Since last night’s arrival of Maxi Edmond de Rothschild, to a tumultuous reception from the assembled crowds in Cherbourg’s Port Chantereyne, this morning two more Ultime maxi-trimarans have finished with Yves le Blevec’s Actual arriving in an elapsed time of 1d 18h 41m 22s, followed by Thomas Coville’s Sodebo Ultim 3 in 1d 20h 16m 36s.

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Day Three: Sunrise v The Crow in IRC Two

Astrid de Vin's Il Corvo, the name means 'The Crow' in Spanish. © Rick Tomlinson/www.rick-tomlinson.com Astrid de Vin's Il Corvo, the name means 'The Crow' in Spanish. © Rick Tomlinson/www.rick-tomlinson.com

0700 BST Tuesday 10 August

IRC Two is living up to expectations of being a close battle between the JPK 11.80s, a design that has proven highly potent in previous editions of the Rolex Fastnet Race. More surprising is the fact that the French teams are trailing their JPK 11.80 rivals from Great Britain and the Netherlands.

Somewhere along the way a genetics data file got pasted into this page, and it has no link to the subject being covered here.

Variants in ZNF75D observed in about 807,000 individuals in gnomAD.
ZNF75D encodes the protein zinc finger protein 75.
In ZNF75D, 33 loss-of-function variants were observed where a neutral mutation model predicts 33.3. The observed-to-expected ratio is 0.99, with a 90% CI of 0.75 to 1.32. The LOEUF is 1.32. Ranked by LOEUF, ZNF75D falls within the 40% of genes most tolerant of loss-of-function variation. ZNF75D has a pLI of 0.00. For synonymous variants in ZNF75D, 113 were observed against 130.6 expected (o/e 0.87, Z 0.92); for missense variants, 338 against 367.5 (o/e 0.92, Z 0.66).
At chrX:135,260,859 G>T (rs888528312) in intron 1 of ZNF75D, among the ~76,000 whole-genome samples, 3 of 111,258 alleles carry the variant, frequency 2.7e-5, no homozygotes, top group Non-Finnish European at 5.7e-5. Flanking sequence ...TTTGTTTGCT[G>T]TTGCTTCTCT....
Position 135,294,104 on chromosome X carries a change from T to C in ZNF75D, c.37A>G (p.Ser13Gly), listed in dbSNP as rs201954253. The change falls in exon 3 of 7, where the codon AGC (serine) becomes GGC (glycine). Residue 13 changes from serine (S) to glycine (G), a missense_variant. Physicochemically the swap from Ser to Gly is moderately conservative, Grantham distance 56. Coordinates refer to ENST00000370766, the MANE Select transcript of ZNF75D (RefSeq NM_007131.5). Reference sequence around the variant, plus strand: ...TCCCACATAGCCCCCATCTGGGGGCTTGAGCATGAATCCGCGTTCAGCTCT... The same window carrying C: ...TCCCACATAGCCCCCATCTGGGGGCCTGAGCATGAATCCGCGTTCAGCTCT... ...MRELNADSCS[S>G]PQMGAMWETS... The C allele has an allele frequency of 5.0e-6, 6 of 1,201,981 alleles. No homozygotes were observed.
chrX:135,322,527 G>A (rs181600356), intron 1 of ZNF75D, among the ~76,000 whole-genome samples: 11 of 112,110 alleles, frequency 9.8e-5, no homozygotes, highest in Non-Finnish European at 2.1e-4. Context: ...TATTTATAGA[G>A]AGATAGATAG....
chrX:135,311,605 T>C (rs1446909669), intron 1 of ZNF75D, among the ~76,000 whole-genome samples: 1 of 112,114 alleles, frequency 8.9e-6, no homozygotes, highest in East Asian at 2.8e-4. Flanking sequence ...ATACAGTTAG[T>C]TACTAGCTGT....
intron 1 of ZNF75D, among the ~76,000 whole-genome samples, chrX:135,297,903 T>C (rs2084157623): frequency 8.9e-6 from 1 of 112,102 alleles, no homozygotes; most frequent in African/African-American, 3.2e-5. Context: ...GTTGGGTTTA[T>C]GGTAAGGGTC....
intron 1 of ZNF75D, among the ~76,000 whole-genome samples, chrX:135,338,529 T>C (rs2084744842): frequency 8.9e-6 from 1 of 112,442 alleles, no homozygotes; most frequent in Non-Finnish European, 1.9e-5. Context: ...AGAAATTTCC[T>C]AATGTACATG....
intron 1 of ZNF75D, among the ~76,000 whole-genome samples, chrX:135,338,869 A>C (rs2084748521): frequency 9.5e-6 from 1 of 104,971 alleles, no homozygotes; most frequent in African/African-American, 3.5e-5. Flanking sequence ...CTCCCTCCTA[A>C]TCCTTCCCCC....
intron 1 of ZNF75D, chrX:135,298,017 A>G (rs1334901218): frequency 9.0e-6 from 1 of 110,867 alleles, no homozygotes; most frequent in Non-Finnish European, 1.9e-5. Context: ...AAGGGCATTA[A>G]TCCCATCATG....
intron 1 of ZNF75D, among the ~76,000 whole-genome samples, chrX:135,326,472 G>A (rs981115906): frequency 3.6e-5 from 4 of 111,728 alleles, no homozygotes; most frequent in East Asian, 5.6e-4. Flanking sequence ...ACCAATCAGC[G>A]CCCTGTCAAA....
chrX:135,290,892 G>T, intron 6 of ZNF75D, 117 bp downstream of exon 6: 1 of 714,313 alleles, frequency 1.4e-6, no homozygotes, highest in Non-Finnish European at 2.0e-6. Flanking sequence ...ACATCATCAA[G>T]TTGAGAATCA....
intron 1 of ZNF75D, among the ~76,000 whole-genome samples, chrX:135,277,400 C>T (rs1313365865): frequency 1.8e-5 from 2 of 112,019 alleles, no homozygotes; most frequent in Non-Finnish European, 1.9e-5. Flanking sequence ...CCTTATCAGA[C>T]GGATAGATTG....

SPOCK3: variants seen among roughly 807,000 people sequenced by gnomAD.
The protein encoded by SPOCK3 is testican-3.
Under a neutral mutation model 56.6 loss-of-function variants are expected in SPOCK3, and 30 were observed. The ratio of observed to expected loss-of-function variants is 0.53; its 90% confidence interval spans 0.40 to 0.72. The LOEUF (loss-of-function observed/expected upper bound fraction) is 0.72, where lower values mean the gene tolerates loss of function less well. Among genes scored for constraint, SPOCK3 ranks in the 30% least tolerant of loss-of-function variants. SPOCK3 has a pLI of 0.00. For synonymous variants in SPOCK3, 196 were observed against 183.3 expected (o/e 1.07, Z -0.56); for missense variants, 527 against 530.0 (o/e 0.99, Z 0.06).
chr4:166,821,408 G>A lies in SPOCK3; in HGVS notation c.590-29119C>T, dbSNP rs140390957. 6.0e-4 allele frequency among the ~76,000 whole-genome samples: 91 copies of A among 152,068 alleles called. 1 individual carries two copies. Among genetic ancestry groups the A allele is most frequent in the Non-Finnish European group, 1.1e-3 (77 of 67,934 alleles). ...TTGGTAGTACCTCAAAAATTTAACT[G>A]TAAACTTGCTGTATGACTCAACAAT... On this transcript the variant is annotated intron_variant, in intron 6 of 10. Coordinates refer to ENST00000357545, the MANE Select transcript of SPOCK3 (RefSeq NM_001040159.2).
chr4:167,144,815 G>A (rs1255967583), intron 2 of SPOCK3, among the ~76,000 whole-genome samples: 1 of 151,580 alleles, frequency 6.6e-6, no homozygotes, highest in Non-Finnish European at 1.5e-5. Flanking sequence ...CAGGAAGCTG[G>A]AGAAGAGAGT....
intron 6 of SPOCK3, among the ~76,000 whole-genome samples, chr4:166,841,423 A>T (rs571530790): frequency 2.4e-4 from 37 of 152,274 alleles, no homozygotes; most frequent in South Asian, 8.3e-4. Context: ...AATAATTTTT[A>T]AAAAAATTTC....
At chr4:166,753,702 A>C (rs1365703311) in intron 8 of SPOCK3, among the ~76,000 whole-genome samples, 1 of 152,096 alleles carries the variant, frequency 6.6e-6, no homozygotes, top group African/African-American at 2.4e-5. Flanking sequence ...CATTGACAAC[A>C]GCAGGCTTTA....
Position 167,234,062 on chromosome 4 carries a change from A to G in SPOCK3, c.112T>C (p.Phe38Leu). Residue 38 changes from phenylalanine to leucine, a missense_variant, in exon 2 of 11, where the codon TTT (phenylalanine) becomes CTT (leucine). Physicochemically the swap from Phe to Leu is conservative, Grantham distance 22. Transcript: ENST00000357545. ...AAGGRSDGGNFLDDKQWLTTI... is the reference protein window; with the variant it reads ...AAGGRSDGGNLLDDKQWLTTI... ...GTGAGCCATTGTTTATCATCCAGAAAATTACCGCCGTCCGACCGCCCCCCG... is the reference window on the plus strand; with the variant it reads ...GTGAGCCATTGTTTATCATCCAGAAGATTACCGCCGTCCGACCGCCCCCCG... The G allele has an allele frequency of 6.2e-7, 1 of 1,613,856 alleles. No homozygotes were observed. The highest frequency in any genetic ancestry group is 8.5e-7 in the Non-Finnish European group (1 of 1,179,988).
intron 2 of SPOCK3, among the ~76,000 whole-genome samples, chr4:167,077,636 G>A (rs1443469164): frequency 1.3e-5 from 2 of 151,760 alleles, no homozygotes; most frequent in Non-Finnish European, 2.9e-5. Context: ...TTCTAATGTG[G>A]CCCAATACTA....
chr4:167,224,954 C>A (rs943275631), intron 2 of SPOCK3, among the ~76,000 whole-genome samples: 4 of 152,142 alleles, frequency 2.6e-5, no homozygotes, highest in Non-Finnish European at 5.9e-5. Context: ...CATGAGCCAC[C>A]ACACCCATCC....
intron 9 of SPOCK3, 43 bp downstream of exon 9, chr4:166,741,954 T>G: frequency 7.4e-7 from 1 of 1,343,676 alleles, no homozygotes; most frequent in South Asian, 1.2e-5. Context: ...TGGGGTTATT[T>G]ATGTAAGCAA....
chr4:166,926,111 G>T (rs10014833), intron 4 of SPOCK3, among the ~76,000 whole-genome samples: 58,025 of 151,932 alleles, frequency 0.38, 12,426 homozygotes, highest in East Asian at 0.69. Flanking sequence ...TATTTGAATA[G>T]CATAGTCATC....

Currently heading the IRC Two standings on corrected time is Tom Kneen’s Sunrise which is engaged in an upwind duel with Astrid de Vin's Il Corvo [Spanish for ‘The Crow’] to the Fastnet Rock, with the British boat six miles ahead of the Dutch and about two hours in front on corrected time.

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Day Three: Raphael leads IRC Four at Land's End

Francois Charles’ Dehler 36 Sun Hill 3 racing in IRC Four ©Paul Wyeth/www.pwpictures.com Francois Charles’ Dehler 36 Sun Hill 3 racing in IRC Four © Paul Wyeth/www.pwpictures.com

0700 BST 10 August

By the morning of the third day of the Rolex Fastnet Race all of the boats still racing in IRC Four had passed Lyme Bay. The leaders on the water have made Land’s End and are readying themselves to pass the Isles of Scilly and into the Celtic Sea. Ludovic Menahes & David le Goff, racing JPK 10.10 Raphael are still leading on the water; an admirable achievement for one of the smallest boats in the race as well as sailing doublehanded. Harry Heijst’s S&S 41 Winsome has recorded the best 24-hour run in the class and is second on the water having skirted close to the exclusion zone overnight.